Winter’s chill can be especially hard on the fingers and toes if you have arthritis or a condition such as Raynaud’s disease that affects blood circulation. To maintain warmth and comfort:
- Encourage circulation — Wiggle or massage your fingers and toes. Move your arms in a windmill circle or shake your arms and legs.
- Choose mittens — Mittens offer more warmth than do gloves. Look for a pair that’s insulated with wool or fleece.
- Double up — Wear two pairs of socks. For the layer closest to your skin, look for a moisture wicking fabric. On top, choose a wool or wool-blend sock.
- Carry hand and foot warmers — Small charcoal or chemical packs that generate a low level of heat can be placed in your mittens, socks or boots. Battery-powered options also are available. You can find warmers of all types in many sporting goods stores.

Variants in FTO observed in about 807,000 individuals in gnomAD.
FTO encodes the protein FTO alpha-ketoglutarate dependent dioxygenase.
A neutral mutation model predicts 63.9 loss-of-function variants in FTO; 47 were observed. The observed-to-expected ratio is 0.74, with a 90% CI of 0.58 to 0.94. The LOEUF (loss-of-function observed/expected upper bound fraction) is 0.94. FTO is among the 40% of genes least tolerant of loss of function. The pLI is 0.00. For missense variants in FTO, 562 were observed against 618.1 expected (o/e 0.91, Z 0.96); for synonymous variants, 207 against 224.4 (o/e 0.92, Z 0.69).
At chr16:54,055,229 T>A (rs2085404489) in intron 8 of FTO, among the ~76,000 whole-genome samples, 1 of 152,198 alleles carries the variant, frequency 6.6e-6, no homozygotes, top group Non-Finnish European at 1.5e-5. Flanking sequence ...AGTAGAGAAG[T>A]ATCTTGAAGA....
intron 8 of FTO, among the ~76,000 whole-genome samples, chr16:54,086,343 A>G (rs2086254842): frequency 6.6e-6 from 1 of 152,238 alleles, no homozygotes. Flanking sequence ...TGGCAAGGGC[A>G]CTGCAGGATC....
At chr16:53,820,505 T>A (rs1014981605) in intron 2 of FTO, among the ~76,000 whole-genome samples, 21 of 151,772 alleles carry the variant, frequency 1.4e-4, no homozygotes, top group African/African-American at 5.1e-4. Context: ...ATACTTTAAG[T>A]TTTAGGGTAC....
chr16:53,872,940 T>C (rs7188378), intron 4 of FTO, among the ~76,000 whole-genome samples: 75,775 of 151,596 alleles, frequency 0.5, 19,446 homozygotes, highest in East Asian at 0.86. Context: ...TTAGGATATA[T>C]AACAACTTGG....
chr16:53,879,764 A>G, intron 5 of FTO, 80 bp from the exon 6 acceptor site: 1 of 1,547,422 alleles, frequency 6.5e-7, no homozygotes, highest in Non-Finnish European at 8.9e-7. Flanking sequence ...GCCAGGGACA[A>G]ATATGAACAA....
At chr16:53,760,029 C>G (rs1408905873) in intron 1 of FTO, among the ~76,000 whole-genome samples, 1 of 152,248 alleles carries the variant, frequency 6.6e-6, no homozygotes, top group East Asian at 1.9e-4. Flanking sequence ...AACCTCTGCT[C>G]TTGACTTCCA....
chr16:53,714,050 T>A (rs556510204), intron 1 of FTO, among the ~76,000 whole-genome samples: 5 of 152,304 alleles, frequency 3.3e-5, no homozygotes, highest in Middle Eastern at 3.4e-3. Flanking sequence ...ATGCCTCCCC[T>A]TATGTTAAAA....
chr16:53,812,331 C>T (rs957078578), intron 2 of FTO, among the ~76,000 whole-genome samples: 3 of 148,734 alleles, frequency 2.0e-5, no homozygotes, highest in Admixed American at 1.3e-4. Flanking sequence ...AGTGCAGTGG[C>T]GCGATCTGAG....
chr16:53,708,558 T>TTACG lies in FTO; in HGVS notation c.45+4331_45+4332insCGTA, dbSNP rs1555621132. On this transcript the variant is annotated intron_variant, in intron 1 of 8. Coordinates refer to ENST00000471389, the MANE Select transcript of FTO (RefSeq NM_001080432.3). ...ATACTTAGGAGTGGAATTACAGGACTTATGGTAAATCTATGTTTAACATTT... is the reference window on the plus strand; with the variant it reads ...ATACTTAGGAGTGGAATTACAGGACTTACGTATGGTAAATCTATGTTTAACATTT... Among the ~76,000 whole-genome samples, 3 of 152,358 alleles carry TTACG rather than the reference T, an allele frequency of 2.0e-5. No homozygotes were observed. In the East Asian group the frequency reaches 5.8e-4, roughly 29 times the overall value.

- Warm with water — Soak your hands or feet in warm — not hot — water or place cold hands under running warm water.
- Try specialty gloves — Therapeutic gloves designed for people with Raynaud’s disease may help.
- Exercise regularly — Regular physical activity helps increase blood flow to the body’s tissues.
- Don’t smoke — Smoking narrows the blood vessels, which can restrict circulation.
If the cold is bothersome despite your efforts, talk to your doctor. Let your doctor know if your fingers or toes feel numb or painful, or turn white or blue